Oh my gosh. Making a real company out of it, I guess is the biggest accomplishment. You know, we we went through this transition period where we were we had a real consulting business and that consulting business supported all of our overhead and all of our employees. And then all of a sudden we decided we’re not going to take anymore consulting work. Instead, we’re going to put everything into this tool. And in less than a year, we’re able to cover our entire overhead and expenses with that tool, with no consulting work anymore.

Chris Ronzio

And I feel like that was a massive accomplishment to have our team, our whole team take that journey with us.

Luis Camacho

That’s awesome. And as far as, you know, having a specific niche that that is most mostly driven to train you, do you see that at all? Because I feel like it’s a very universal product, like literally almost anyone could use it. And I feel like maybe the use cases are now there, but someone would find a way to to use it specifically for them because of the nature. Right. It’s just it’s literally just teaching someone how to do something.

Luis Camacho

And every single business owner has to do that. So it’s something that you’ve noticed that maybe maybe it’s SaaS companies that usually come to you. Maybe it’s small business owners. Is there anything specific?

Chris Ronzio

Well, it doesn’t tend to be a certain industry because, like you said, there’s so many different use cases, but it tends to be a certain size company, typically between twenty five and two hundred and fifty employees. The reason for that is at a small with with a smaller team of five people or 10 people, you’ve got that need to train people on things. But their roles aren’t super clear yet. And so your training tends to be experimental.

Chris Ronzio

You’re like, hey, I’m going to show you this. And I don’t know if you need to know it, but just take take it with a grain of salt and I hope you hope things stick. And as you start to grow and you’ve got more than one person in a certain role or you’ve got remote employees that are all doing a certain role or you’ve got a turnover issue or you’ve got a seasonal business or you’ve got a fast growing company, that’s when the delivery of training becomes really important.

Chris Ronzio

So it’s our tool. It’s not as much a tool just to get you to write down what you do. You could do that with Microsoft Word, Evernote or Google Docs. And so it’s really not as much about documenting as it is about training because, of course, you need to have the stuff written down and clearly communicated, but then you need to assign it to someone. You need to track that they’ve done it. You need to retrain them after a certain amount of time.

Chris Ronzio

You need to train them on new materials as you promote them. And so when training becomes important in the business, that’s when the tool becomes really compelling.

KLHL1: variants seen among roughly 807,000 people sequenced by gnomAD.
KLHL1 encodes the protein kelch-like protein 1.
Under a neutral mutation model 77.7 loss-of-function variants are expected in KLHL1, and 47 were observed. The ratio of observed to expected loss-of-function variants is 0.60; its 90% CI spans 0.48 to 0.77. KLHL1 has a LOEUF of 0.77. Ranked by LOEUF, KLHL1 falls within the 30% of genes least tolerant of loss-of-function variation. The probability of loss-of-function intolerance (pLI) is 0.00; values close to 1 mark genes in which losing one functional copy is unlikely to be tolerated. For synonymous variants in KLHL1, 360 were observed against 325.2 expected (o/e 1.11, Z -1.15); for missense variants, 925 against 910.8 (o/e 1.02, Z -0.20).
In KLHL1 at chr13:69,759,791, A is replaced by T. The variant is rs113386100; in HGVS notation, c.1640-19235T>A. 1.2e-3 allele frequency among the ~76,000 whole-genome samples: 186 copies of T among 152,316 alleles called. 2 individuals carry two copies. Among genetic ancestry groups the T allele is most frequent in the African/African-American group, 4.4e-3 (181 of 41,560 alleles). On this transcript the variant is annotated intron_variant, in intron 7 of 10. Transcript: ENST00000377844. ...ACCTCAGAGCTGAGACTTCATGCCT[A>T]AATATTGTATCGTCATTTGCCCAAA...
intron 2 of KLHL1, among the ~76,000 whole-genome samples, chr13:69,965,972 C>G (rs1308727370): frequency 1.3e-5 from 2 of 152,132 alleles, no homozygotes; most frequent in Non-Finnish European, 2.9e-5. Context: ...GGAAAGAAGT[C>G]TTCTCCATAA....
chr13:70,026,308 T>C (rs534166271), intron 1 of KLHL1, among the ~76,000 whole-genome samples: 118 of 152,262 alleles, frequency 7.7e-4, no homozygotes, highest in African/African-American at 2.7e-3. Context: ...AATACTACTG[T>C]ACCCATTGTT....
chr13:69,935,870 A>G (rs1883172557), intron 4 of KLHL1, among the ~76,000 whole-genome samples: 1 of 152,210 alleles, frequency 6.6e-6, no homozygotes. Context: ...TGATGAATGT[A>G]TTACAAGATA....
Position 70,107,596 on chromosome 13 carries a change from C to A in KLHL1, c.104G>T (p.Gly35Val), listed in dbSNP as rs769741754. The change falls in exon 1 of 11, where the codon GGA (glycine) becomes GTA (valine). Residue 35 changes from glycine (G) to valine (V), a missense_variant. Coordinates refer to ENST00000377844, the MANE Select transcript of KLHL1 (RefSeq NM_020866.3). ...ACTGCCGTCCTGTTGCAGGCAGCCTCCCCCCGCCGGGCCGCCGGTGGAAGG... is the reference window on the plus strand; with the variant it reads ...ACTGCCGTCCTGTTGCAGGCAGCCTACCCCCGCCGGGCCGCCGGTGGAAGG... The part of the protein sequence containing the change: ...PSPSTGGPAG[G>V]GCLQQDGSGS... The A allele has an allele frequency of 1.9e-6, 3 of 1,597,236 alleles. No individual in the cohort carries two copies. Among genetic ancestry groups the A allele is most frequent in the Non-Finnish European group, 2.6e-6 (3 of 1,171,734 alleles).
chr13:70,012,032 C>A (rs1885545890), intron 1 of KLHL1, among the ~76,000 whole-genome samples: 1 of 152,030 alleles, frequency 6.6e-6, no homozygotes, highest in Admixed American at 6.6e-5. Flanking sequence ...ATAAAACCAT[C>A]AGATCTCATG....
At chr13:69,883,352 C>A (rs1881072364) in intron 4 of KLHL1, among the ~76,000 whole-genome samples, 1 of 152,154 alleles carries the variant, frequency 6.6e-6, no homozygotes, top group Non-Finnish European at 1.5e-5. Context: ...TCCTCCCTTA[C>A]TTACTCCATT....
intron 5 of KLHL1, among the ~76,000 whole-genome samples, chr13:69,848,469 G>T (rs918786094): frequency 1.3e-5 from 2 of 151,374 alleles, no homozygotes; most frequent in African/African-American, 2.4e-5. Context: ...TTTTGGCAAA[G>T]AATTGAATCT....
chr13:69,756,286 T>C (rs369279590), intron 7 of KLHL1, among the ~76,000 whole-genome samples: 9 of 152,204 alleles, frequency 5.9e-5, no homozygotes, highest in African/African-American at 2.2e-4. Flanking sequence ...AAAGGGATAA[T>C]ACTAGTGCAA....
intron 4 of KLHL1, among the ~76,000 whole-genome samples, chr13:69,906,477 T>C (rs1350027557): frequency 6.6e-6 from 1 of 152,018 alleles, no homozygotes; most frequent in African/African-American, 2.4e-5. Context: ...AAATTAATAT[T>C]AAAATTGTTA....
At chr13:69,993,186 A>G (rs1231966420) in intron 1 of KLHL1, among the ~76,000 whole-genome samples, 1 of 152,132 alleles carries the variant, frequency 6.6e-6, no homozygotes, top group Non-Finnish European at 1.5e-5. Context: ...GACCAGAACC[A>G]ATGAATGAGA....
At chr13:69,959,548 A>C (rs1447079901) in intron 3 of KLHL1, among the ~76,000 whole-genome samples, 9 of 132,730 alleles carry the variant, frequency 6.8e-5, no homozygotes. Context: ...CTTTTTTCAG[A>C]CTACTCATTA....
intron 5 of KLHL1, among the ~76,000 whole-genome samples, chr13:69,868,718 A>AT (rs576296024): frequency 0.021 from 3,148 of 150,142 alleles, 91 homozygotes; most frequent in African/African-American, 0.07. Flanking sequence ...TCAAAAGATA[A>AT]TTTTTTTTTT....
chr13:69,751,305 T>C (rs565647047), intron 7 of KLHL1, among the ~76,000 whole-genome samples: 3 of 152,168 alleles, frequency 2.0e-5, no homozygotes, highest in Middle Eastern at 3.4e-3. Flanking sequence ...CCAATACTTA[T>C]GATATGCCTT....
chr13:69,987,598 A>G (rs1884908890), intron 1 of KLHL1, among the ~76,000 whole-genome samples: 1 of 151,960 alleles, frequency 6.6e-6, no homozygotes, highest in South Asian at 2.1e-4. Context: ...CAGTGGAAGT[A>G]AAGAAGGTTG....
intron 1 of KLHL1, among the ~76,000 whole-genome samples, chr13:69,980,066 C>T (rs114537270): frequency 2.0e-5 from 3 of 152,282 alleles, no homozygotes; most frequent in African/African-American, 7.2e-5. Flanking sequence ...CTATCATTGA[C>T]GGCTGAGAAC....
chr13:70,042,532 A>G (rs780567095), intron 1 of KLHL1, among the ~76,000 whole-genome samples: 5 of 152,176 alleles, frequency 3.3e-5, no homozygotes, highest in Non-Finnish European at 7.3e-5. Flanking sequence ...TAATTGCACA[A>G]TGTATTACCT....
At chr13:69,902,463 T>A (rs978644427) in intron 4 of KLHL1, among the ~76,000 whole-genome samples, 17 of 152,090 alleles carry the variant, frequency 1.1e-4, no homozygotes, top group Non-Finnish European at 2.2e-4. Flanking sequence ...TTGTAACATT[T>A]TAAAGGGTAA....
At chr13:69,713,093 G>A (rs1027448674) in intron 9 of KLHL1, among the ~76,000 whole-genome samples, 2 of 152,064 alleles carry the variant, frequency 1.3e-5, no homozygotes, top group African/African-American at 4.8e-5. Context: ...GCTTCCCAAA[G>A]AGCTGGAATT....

Luis Camacho

And as far as user onboarding for the platform itself, it’s it’s almost like training is it’s obviously, you know, some sort of onboarding process for employees. And I’m sure people have found different use cases for it. But how are you personally doing or the company doing the onboarding?

Luis Camacho

Is it someone on the phone taking and taking clients on, kind of teaching them or using webinars, live demos? Or how does how does a person learn how to do this? Because it’s or are you using train yourself? There’s a lot of different ways you could be going about this. I feel like.

Chris Ronzio

So all of the above the the first thing we’ve got pre-recorded videos, we’ve got live webinars, we’ve got pre-recorded webinars, we’ve got templates and over one hundred different topic jogging ideas all on our website and our marketing materials. And so that’s part of what we want to condition people with before they even sign up, is that, wow, look at all these things that I could document my business, these best practices. Then when someone signs up for the tool, the onboarding flow through the software itself is asking people what roles do you want to document?

Chris Ronzio

What’s your next hire going to be? What’s your motivation behind signing up for this so that we can set up their initial experience to be the best experience possible? So we’re we’re asking them that once they get inside the tool, there’s a pop up checklist that say we recommend you do these couple of things, because we know from our analytics that if they do those couple of things, they tend to be a stick your customer. So we’re trying to drive user behaviour towards those things.

Chris Ronzio

And then we’ve got a training course or curriculum or subject or whatever you want to call it, built into the system as a preloaded subject in there to teach them actually the the tool and also show them an example of what a completed subject looks like. So we use the tool to teach the tool, but. And we also use the onboarding sequence, and so then through we use Entercom for their their, you know, email onboarding. So we’ve got a trigger based sequence that goes out as they do certain things in the site.

Chris Ronzio

And then there’s an opportunity to if they want to get on a call and go through a demo with someone, they can do that.

Luis Camacho

Awesome, that sense. And so is it because you mentioned there’s a lot of different pieces, are they all working together to kind of choose what way they want to do something?

Chris Ronzio

It’s it’s a little bit of a choose your own adventure. I mean, the software, a sign up process is the same for everyone. Everyone gets prompted with that checklist. Everyone has the opportunity to watch that material that we preloaded their account with. And then if they want to dig deeper into our help docs and pre-recorded videos and request or schedule a demo, then and that’s their choice.

Luis Camacho

Very cool. And what was the reason to create multiple ways to go about it?

Chris Ronzio